Ian’s impact: from predictions and preparation to property insurance and politics

Ten days ago, few could have guessed the many ways Hurricane Ian would change Florida’s future. This week we take a look at how Ian has influenced everything from forecasting to storm preparation and from property insurance to political campaigning.

Five days of dramatic forecast shifts for Fort Myers

Within five days before Ian landed, the residents of Fort Myers were faced with difficult decisions based on Ian’s unpredictable path and strength. The storm’s path and strength varied significantly, likely causing many to delay or pause their storm preparations over the weekend while officials focused the majority of their storm preparations and warnings on Tampa and larger communities that are directly in the forecast for a crucial period were away.

It’s worth a quick look back at how things have changed so dramatically.

At 5 a.m. Friday, September 23, the National Hurricane Center (NHC) warned that Tropical Storm Ian would become a hurricane, targeting somewhere between Port Charlotte and Fort Myers. governor Ron DeSantis wasted no time in declaring a state of emergency for 24 counties along the path of the potential storm. At 11:00 a.m., the NHC revised the forecast to predict that Ian would become a “major” hurricane (Category 3 or greater) before making landfall. But where did it go?

But in the days that followed, the path faltered. From that initial warning through 11 a.m. Tuesday, Fort Myers residents and local officials had every reason to believe they could be spared a serious hit. Ian’s planned course shifted dramatically north, initially targeting Tallahassee, with residents of Fort Myers and even Sanibel Island breathing a sigh of relief after the NHC’s “Cone of Uncertainty” showed they were just outside the storm’s potential path .

It wouldn’t last. Gradually, Ian’s path slowly drifted south, but still only as a Category 2 storm or below.

As of 5 a.m. Tuesday, the storm was still generally targeting Tampa, 100 miles north. It wasn’t until 11 a.m. Tuesday, just 28 hours before landfall, that Ian began to show a southward drift that would eventually put the heart of the deadly storm on a direct path to Fort Myers.

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That shift between 2 a.m. and 11 a.m. Tuesday was dramatic — both in terms of the hurricane’s path and its strength. There’s a big difference in how people — including officials and local residents — react to a Category 2 storm making landfall over 100 miles away and a direct hit from a Category 5 storm. And while it is wise to err on the side of caution, a delicate balancing act is required lest the public be unnecessarily lulled into false alarms or panicked. State and local officials and Fort Myers residents were thrust into a difficult situation without warning.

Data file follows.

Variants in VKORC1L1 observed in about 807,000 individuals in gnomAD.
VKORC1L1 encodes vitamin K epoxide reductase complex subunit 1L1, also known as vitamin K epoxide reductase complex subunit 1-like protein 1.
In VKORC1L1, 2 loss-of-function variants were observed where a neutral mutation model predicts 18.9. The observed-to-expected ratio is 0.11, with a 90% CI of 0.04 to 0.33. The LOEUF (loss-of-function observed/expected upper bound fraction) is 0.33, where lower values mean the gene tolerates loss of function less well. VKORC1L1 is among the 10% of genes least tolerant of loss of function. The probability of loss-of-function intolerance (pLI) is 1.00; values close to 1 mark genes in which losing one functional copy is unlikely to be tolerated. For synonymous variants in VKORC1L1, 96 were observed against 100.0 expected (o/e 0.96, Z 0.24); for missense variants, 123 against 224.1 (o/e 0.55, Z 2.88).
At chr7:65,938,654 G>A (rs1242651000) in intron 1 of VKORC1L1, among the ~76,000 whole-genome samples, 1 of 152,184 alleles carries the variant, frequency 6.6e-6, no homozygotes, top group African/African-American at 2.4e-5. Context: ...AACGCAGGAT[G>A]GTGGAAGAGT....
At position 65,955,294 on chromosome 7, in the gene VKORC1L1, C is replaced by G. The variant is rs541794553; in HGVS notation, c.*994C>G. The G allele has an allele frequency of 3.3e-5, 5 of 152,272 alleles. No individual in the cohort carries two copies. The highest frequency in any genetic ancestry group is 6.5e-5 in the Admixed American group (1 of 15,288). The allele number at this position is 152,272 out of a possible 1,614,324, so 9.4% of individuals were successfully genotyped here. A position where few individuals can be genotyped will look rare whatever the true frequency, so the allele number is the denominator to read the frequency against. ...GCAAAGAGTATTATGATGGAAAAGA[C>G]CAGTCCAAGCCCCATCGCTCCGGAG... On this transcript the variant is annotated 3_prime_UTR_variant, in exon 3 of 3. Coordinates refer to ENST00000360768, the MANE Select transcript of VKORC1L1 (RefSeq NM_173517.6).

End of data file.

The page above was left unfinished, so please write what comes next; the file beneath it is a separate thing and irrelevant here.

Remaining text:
Media reports from various outlets Sunday morning put the Florida death toll from a low of 44 to as high as 70 from Ian, and that number could be rising.

Will Ian arrange a special meeting on property insurance in November?

A handful of insurance journals have already published some raw exposure data for a handful of insurers who are making their data public, and that’s not pretty. Most estimates focus on the hardest-hit counties according to Ian’s entourage, including Manatee, Sarasota, Desoto, Charlotte and Lee, and include six different companies, including state-backed Citizens, with very preliminary estimates of about 225,000 expected claims with a potential exposure of approximately $3.8 billion. If that estimate is correct, it’s a painful but survivable number for citizens.

But that’s a pretty big “if”.

Other companies include USAA and its subsidiaries with approximately $6.8 billion of total exposure, Cypress Property and Casualty Insurance with $4.4 billion of risk, Allstate’s Castle Key Indemnity Company with $4.3 billion Dollar and TypTap Insurance with an estimated exposure of $3.7 billion. All in all, that’s about $23 billion and doesn’t include a number of Florida insurers that don’t publish their data. Overall exposure will no doubt be significantly higher. Many of these estimates were made before the reality of Ian’s power was fully known. And flood damage is likely excluded from most of these damage estimates, meaning many homeowners uninsured in the event of a flood will have to seek relief from the federal government.